Red Bucket Farm is an urban farm on a quarter acre property in an average residential neighborhood. We are located in Wisconsin, USDA Zone 5. We focus on chickens, bees, orchard fruit, and raised garden beds for fruits and veggies. We hope to reduce our footprint on the planet by growing some of our food, reducing our use of fossil fuels, and gardening with sustainable practices. Thanks for visiting!

Monday, September 30, 2013

Pullets First Eggs

Some hens begin their egg-laying career with little fanfare, while other hens require extra encouragement. Generally speaking, I do not fuss over my hens a great deal. It's true they have fabulous living quarters and excellent organic, locally-milled food, but I do not hug them, or hold them on my lap, nor do I sing to them, or read them poetry or write poetry about them (although I love the folks who do all those things). My girls are members of the urban farm team, and when their time is up, it's good that I'm not too attached to them emotionally. 

Andromeda (the Barred Rock pictured above) arrived at maturity and began laying a few weeks ago with nothing more than a happy little crow. It's easy to see when a pullet is ready to begin laying eggs. She'll begin hanging around the nest boxes, quietly watching the older girls. Andromeda prefers to be left alone to accomplish her morning ritual, dutifully giving us one medium-sized light brown egg. She minds her own business and rarely calls any attention to herself.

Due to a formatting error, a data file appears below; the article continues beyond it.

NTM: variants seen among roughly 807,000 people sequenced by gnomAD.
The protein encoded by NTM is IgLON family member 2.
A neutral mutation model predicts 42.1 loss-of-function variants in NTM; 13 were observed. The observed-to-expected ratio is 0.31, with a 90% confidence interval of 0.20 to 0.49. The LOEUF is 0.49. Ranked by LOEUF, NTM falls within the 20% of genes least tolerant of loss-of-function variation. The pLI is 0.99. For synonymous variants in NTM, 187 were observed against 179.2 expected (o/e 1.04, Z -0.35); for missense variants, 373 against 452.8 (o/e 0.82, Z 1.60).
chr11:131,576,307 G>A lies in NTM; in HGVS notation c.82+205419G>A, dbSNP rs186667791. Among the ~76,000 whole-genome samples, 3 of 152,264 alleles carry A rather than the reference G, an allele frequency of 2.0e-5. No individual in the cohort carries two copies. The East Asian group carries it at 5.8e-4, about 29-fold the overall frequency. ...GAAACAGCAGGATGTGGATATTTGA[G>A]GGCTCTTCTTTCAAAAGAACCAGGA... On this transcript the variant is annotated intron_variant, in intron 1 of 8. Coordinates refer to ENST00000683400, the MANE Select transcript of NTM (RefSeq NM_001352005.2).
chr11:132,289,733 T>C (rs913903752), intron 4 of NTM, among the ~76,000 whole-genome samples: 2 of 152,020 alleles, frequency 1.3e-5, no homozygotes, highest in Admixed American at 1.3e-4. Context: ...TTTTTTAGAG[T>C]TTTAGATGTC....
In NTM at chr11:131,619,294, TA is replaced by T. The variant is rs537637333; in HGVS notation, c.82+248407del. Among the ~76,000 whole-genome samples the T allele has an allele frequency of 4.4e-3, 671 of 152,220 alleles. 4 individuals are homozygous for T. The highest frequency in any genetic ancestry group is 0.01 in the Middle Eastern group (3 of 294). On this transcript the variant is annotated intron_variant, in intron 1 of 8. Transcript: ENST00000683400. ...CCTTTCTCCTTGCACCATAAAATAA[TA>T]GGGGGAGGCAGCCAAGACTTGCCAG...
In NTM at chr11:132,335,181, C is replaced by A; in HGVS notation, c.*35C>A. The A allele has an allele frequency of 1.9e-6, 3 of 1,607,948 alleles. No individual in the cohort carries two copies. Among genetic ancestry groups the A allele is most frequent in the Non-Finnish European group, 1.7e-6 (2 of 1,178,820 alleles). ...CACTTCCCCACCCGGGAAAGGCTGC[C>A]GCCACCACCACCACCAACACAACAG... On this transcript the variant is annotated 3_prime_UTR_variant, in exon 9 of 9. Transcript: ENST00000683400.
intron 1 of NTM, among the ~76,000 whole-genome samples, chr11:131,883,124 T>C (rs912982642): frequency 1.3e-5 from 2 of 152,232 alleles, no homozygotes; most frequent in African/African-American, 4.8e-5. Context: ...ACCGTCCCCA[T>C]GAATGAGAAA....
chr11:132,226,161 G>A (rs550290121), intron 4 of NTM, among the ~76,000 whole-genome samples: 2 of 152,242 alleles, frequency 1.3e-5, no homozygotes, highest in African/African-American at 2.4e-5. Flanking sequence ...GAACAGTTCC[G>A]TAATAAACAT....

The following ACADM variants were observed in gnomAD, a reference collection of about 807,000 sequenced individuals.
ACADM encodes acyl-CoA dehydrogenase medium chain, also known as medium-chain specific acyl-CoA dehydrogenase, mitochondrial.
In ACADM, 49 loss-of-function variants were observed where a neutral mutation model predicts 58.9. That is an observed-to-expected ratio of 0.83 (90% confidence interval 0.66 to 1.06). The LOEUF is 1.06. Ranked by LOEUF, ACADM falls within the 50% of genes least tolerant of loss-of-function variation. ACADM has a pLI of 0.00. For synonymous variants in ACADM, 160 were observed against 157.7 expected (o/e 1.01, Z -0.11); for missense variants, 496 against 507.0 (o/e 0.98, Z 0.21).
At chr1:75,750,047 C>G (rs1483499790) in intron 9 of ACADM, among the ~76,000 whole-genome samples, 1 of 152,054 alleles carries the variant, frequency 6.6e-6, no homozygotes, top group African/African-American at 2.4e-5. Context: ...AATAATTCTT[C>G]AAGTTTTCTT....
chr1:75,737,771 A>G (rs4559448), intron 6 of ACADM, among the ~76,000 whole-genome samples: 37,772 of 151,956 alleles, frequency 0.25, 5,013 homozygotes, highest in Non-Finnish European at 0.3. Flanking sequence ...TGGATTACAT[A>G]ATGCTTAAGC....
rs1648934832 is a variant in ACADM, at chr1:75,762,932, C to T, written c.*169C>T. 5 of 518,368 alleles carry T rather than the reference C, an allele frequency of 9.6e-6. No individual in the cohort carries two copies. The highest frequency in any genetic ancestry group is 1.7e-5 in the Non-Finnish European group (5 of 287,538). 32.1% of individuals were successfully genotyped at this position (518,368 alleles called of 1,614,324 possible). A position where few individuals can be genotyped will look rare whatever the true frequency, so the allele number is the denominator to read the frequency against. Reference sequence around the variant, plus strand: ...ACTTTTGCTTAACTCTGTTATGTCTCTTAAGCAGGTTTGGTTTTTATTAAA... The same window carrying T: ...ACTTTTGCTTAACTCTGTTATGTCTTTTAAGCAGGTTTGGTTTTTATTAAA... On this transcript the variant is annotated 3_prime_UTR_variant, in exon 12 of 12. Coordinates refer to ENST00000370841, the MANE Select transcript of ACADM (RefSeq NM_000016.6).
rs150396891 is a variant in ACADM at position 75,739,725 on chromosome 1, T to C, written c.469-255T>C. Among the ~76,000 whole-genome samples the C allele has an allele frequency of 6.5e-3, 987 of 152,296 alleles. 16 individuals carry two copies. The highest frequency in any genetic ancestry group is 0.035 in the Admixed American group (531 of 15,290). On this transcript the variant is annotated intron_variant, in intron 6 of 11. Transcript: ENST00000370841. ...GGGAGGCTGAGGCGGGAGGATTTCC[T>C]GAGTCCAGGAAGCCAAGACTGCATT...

Evidently, not all the girls understand the working rules around here. Cassie (the Easter Egger in the photo above) has been like Velcro for the last couple weeks. She's always underfoot, rubbing against my ankles as if she's a kitten. She crouches down and waits for me to stroke her or pick her up. She jumps into the hen house to help me clean. She talks to me constantly, the happy clucking of a contented bird. Even when I'm picking beans outside the chicken yard, Cassie is right at the gate, chattering away some fantastic story. I knew she was getting ready to lay her first egg, and the blessed moment finally arrived over the weekend. There was a fair amount of squawking and drama, including a few hours in the nest boxes while she worked out the timing.

Until a few years ago, I never imagined that chickens have such unique personalities, every bit as distinct as their lovely eggs. We still have one more pullet to arrive at egg-laying maturity this fall. Since she's already a loud talker, I expect there's more drama to come.....

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